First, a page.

Dad, seated inside the cab, had driven the tractor onto the flat crest of the dike. Now he was backing up toward the pit’s edge, positioning the twenty-eight-foot-long agitator to stir the slurry.

He backed up too far. The tractor’s rear wheels dropped over the edge of the dike. The tractor slid into the lagoon and sank.

The submerged cab went deadly dark. As waste gushed in through cracks and holes, Dad pushed and pounded at the door. At the only window big enough to escape through. At the door again.

By now, the slurry was up to his mouth. “God, what a place to die,” he thought.

He twisted himself around in the thick, rising slop. One last try at the window.
This time, no resistance. The window opened as easily as a leaf flutters in wind. He swam out of the cab and up, swallowing some of the toxic crap as he pulled for the surface.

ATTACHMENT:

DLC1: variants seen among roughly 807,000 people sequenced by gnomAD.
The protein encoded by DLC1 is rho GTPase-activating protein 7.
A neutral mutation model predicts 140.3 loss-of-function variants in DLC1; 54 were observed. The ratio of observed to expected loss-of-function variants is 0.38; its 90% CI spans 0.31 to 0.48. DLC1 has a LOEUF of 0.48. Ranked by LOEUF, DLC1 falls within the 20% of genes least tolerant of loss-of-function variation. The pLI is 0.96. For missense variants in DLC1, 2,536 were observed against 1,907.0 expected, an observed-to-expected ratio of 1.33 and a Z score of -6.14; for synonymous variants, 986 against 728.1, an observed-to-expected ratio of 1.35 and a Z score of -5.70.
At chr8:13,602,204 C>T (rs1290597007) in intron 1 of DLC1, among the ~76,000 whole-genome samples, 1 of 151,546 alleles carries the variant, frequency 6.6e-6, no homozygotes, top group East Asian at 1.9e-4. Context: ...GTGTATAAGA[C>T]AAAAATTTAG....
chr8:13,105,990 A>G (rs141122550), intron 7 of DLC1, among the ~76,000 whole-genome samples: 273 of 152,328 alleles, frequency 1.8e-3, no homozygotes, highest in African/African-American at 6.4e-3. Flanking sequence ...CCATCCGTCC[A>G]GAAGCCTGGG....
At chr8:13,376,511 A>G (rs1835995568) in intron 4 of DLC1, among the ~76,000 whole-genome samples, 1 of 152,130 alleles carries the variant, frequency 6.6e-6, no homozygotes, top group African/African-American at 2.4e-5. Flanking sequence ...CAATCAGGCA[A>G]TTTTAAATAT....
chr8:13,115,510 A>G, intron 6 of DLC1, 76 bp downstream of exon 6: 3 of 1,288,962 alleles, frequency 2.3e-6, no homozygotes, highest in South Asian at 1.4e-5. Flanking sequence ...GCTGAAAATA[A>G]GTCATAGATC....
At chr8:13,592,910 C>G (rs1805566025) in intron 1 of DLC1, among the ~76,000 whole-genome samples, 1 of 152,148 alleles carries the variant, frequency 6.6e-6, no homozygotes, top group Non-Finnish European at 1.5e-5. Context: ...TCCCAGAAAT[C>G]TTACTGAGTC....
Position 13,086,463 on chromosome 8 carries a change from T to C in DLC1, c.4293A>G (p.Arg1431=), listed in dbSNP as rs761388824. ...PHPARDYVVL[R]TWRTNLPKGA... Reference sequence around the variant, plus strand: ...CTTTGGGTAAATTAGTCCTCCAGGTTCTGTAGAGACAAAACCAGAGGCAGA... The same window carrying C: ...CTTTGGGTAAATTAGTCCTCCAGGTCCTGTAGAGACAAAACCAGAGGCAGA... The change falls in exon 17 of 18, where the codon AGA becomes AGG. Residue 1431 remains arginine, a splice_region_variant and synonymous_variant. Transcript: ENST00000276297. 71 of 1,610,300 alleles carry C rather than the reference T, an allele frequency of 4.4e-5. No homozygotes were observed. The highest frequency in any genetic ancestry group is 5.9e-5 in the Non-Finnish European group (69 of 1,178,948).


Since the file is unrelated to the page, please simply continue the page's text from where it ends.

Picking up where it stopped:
His head popped out of the lagoon. By the light of the moon, he spotted the tip of the tractor’s exhaust pipe, sticking out of the slurry.

He rolled over on his back. Burdened by layers of wet winter clothes, he stroked for the pipe, knowing that the roof of the cab would be somewhere nearby.

Upon locating the roof, he splashed aboard to rest. He perched there, collecting his wits, shivering in the wintry air. He worried about hypothermia. About the sickening sludge all over his body. About the animal shit in his stomach and lungs.

No use hollering for help. His farmhands had long ago clocked out. And Mom didn’t expect him home for hours. No rescue would be coming. He’d have to save himself.

He plunged back into the filth, and broke for the bank …

* * *